The functions and concepts used in the article will be expanded in a later article where we use Church numerals to represent natural numbers as pure functions. We will even implement arithmetic and comparison operators for these numbers!

By :Casey Morris

## JavaScript Tutorial: if-else Statement in JavaScript This JavaScript tutorial is a step by step guide on JavaScript If Else Statements. Learn how to use If Else in javascript and also JavaScript If Else Statements. if-else Statement in JavaScript. JavaScript's conditional statements: if; if-else; nested-if; if-else-if. These statements allow you to control the flow of your program's execution based upon conditions known only during run time.

Decision Making in programming is similar to decision making in real life. In programming also we face some situations where we want a certain block of code to be executed when some condition is fulfilled.
A programming language uses control statements to control the flow of execution of the program based on certain conditions. These are used to cause the flow of execution to advance and branch based on changes to the state of a program.

JavaScript’s conditional statements:

• if
• if-else
• nested-if
• if-else-if

These statements allow you to control the flow of your program’s execution based upon conditions known only during run time.

• if: if statement is the most simple decision making statement. It is used to decide whether a certain statement or block of statements will be executed or not i.e if a certain condition is true then a block of statement is executed otherwise not.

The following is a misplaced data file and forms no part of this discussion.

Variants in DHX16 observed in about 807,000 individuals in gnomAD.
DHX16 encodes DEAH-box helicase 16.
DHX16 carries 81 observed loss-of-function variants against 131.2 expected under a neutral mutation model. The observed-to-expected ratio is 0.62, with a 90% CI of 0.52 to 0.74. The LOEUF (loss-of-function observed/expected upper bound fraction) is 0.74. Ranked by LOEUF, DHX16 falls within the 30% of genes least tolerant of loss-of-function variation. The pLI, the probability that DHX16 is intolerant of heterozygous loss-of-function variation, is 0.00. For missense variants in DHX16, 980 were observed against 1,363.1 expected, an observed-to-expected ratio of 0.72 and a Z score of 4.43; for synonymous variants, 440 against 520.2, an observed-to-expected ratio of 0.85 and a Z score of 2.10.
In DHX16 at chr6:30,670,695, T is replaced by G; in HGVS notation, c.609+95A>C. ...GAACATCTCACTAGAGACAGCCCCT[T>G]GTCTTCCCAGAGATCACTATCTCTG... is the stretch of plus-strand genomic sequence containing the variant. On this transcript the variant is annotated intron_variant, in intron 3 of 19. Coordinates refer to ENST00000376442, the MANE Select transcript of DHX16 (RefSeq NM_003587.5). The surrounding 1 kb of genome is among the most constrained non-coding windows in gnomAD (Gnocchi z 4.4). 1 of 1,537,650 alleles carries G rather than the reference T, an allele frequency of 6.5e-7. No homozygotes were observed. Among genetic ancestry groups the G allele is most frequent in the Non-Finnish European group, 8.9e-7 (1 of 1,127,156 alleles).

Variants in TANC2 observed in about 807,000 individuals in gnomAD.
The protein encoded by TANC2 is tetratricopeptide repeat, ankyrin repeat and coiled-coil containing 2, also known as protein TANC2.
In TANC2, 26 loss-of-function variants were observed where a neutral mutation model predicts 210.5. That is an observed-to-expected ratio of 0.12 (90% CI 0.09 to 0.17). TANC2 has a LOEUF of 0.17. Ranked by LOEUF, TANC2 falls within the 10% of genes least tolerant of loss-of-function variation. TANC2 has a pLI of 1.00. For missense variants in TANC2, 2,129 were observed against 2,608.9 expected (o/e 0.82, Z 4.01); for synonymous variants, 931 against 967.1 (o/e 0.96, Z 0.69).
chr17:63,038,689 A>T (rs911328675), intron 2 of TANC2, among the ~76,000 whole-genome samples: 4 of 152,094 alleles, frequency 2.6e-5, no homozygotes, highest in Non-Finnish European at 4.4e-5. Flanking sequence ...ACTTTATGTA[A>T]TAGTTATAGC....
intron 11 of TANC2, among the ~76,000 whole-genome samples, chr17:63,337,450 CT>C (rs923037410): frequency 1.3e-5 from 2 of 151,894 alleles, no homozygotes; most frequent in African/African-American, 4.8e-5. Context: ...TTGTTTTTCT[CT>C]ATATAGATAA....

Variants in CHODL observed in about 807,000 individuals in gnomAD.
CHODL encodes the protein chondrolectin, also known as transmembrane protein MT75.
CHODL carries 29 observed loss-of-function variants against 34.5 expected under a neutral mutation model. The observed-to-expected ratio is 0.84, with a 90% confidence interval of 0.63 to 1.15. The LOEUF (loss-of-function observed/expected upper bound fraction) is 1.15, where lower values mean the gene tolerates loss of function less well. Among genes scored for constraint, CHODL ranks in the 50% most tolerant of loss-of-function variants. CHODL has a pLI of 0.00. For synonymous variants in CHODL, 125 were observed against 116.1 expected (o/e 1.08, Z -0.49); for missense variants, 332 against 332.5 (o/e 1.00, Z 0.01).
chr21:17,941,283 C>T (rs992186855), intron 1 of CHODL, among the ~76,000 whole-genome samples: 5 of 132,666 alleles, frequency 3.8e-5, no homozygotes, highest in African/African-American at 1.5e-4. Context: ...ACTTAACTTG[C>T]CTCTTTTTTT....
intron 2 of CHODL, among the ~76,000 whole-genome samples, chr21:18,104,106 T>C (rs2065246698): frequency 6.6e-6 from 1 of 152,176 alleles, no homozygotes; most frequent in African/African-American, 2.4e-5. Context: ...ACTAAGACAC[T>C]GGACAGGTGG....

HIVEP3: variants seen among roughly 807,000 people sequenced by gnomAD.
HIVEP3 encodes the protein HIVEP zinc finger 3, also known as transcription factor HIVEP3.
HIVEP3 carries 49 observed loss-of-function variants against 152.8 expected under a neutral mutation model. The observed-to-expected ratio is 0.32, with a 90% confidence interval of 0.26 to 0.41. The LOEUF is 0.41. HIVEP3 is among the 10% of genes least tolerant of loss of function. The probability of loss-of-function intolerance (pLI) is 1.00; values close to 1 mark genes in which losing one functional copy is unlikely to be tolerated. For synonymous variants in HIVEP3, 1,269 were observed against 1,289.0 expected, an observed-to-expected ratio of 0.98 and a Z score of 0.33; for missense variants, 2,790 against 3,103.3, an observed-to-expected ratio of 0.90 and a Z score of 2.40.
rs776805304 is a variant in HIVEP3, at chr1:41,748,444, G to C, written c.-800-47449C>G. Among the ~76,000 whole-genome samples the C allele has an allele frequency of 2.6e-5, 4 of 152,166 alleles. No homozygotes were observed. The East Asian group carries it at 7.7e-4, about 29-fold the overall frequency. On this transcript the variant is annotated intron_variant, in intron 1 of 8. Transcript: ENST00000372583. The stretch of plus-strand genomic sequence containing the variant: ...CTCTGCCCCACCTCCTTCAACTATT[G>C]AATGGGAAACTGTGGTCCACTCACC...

Syntax:
``````if(condition)
{
// Statements to execute if
// condition is true
}
``````

Here, condition after evaluation will be either true or false. if statement accepts boolean values – if the value is true then it will execute the block of statements under it.
If we do not provide the curly braces ‘{‘ and ‘}’ after if( condition ) then by default if statement will consider the immediate one statement to be inside its block. For example,

``````if(condition)
statement1;
statement2;

// Here if the condition is true, if block
// will consider only statement1 to be inside
// its block.
``````

Flow chart:

Example:

``````<script type = "text/javaScript">

// JavaScript program to illustrate If statement

var i = 10;

if (i > 15)
document.write("10 is less than 15");

// This statement will be executed
// as if considers one statement by default
document.write("I am Not in if");

< /script>

``````

Output:

``````I am Not in if
``````